away in our perforating studio. A Steinway Duo-Art B or D is beyond
the pale, when using rolls from the Duo-Art catalogues.
When playing muted and boring "Milne medleys" of the 1930s, also
for the Ampico, the large instruments sound much better, but these
arrangements don't challenge the scope of the pianoforte and were
created after the era had ended. I recall hearing "Body and Soul"
on a British B (BP) pedal-electric Duo-Art, and thinking to myself,
"A Stroud grand would have performed this roll, just about the same,"
which translates into "Why waste the space in a room for a monster
piano, rendering 'cocktail lounge' music?" (The B as a Duo-Art was
around 8 feet in length, after all!)
Shortly before the Earwitness CD/radio series began, I was telephoned
by Frank Mazurco (I believe that's his name; it's in my records), then
the Vice President of Steinway, recently purchased by new owners,
formerly the Selmer organization, maker of band instruments. I brought
up the fact that you need a musician "monitor" to adjust the tempo
after 2 minutes, to prevent the rolls from accelerating, usually 25-33%
in performance speed, as there is no capstan for the roll transport.
Then, I mentioned that the steppings for the larger Steinways didn't
match those of the residential instruments, in the arranger's mind.
Steinway pulled out of the project, or at least, didn't lend their name
to it, wisely.
My rolls have been inspired by the brown box Welte arrangements for the
Licensee player (by Howard Lutter), the old demonstration rolls (never
sold to the public), and the few rolls in the Duo-Art library which did
explore the range of the instrument (in the home-sized piano). The
bulk of the library isn't that great on a Weber upright or a Steinway
OR grand, in my opinion, which is the reason why Pianola levers were
included with the typical installation.
I could name about 35 rolls, out of the estimated 6000 commercial
releases, that equal the old demonstration rolls, or my own
arrangements, which is why the word "duo" appears in their tradename.
The owner of a Duo-Art was supposed to "cut in" and/or "take over" to
refine the performances, on their particular piano.
(I have a 1918 Aeolian dealer's treatise, which explains about the dual
purposes of the electric 'reproducing' player. They come right out and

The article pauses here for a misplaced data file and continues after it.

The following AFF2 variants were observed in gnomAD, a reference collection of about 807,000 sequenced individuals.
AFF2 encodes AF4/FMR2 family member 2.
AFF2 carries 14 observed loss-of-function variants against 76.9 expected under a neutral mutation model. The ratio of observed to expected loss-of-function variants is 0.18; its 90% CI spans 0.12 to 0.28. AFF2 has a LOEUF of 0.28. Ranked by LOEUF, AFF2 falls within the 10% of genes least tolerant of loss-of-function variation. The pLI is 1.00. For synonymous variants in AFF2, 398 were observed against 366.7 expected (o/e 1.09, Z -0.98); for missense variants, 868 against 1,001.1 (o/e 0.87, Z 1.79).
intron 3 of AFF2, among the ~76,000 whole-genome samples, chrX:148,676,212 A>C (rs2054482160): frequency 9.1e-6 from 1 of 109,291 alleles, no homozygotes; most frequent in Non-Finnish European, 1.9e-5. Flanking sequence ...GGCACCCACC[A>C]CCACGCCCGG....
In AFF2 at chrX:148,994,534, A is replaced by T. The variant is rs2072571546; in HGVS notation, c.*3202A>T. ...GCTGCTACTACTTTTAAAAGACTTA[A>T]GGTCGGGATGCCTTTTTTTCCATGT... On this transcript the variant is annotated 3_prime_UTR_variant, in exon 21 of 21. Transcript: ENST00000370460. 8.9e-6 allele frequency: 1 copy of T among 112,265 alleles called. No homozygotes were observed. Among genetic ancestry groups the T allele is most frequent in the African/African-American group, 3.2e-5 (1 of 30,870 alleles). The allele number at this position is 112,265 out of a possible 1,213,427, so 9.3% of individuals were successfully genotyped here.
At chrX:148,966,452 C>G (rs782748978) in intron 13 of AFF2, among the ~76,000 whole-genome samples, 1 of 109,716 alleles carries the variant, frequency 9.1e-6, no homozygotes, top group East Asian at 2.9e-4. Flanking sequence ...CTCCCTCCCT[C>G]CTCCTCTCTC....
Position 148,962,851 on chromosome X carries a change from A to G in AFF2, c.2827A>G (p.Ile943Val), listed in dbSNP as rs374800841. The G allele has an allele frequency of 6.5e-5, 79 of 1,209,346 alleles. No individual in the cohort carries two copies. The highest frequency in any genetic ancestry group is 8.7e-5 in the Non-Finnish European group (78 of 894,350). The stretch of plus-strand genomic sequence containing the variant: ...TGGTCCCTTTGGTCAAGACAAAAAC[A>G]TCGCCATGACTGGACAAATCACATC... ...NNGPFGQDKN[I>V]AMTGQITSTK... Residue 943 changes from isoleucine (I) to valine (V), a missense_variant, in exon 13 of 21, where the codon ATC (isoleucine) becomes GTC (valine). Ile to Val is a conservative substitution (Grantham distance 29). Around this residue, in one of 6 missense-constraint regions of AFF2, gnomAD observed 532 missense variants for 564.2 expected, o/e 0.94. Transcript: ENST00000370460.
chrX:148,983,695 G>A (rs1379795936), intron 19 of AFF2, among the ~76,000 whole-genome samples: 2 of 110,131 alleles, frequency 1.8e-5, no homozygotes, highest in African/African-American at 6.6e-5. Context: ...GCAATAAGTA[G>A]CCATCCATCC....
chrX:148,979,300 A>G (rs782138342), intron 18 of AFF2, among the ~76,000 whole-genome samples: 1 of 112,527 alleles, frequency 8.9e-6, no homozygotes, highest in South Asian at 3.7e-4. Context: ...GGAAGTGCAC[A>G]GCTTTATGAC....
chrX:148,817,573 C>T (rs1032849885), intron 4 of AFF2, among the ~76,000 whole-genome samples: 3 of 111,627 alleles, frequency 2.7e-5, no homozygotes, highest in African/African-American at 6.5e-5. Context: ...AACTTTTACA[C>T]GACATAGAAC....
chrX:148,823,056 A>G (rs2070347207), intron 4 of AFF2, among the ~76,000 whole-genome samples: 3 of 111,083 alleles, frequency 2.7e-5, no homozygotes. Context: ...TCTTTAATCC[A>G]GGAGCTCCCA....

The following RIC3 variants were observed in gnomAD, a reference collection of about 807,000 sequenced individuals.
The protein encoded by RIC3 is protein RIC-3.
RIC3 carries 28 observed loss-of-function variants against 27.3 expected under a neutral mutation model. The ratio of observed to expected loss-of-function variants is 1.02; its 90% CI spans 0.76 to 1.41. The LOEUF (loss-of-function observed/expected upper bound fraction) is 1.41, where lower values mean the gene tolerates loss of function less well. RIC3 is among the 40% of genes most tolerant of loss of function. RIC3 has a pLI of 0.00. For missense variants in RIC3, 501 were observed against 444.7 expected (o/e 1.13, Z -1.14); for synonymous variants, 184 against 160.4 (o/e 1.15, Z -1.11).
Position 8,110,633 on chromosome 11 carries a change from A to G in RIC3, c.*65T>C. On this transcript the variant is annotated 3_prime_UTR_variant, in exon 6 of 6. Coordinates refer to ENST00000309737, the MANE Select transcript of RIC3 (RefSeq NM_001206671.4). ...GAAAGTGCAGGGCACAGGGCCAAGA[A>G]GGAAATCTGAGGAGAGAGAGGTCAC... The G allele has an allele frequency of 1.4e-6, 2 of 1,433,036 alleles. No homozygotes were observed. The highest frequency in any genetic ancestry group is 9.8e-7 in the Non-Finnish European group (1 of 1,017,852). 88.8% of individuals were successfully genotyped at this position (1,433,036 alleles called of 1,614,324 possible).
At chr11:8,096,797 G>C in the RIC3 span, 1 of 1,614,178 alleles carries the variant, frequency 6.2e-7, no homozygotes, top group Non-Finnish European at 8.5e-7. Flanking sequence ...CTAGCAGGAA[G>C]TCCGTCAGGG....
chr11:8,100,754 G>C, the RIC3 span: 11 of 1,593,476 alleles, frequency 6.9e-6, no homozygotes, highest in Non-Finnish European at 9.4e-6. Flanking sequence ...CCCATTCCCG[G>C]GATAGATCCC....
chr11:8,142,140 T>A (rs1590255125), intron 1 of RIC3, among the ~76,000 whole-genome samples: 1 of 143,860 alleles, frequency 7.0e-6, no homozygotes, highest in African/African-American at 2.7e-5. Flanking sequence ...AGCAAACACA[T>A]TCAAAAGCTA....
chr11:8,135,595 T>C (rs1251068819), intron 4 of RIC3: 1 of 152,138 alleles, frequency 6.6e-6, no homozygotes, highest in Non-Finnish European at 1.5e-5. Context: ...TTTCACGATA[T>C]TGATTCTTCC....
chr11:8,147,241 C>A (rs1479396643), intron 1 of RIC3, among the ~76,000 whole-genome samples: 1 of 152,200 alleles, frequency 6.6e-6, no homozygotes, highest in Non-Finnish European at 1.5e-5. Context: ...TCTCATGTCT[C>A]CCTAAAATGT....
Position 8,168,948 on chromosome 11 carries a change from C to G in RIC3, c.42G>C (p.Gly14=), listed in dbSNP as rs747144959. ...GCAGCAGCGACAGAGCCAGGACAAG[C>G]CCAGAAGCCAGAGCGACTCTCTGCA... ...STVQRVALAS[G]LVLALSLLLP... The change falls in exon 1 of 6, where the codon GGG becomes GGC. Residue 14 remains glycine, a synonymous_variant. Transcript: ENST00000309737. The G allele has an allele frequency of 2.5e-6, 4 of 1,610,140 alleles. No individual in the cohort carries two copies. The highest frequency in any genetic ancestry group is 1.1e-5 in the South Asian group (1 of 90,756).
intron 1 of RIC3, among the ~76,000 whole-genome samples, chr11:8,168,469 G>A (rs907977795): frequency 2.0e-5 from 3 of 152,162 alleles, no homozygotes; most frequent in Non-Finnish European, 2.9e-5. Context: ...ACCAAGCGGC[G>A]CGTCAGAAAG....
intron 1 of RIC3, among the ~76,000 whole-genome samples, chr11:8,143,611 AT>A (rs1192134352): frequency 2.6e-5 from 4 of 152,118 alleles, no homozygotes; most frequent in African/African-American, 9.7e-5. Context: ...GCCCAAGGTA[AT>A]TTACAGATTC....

say that musical people become bored, rapidly, by the expression rolls,
so suggest how to get the intelligent owners 'involved' with their new
purchase, using the Pianola levers.)
Thus, Nimbus missed the point and did an "ogre at the keyboard" routine,
in my opinion. Too bad the modern player console wasn't used with a
Steinway M or L (successor to the O) and that some kind of hammer rail
lift couldn't have been installed in their piano. Better yet, why not
record an original M (XR), O/L or an A, with the Duo-Art player, and
be done with it?
All these are my opinions, of course. However, even when running large
pedal-operated grand player instrument -- or the Pianola levers on a
similar-sized Duo-Art with electric power -- one has to be "more
careful" in the P.P. to F.F. interpretations than would be the case
with a home-sized model. Fingers and striking pneumatics are different
fields, so the keyboards aren't part of this equation.
Regards from Maine,
Douglas Henderson - Artcraft Music Rolls
PS: On a sideline subject, after a half century of perforating rolls
and proofing them in our music museum and then in this studio since
1986, I finally had a Monitor (Hitachi) kerosene heating system
installed, which is thermostatic. Our roll storage building has had
one for about 15 years, but progress was slow on the home front. This
means that I can work all year around here. It took the "Winter of
2003" -- which in this area hasn't let up since early December -- to
sign up for this modern convenience. In the past, I'd wait a few days,
and resume activities when Mother Nature cooperated, having played with
kerosene space heaters and electric ones, for decades. We didn't ever
get our predictable 'January thaw' this season, so that led to the
comfort upgrade in my roll studio!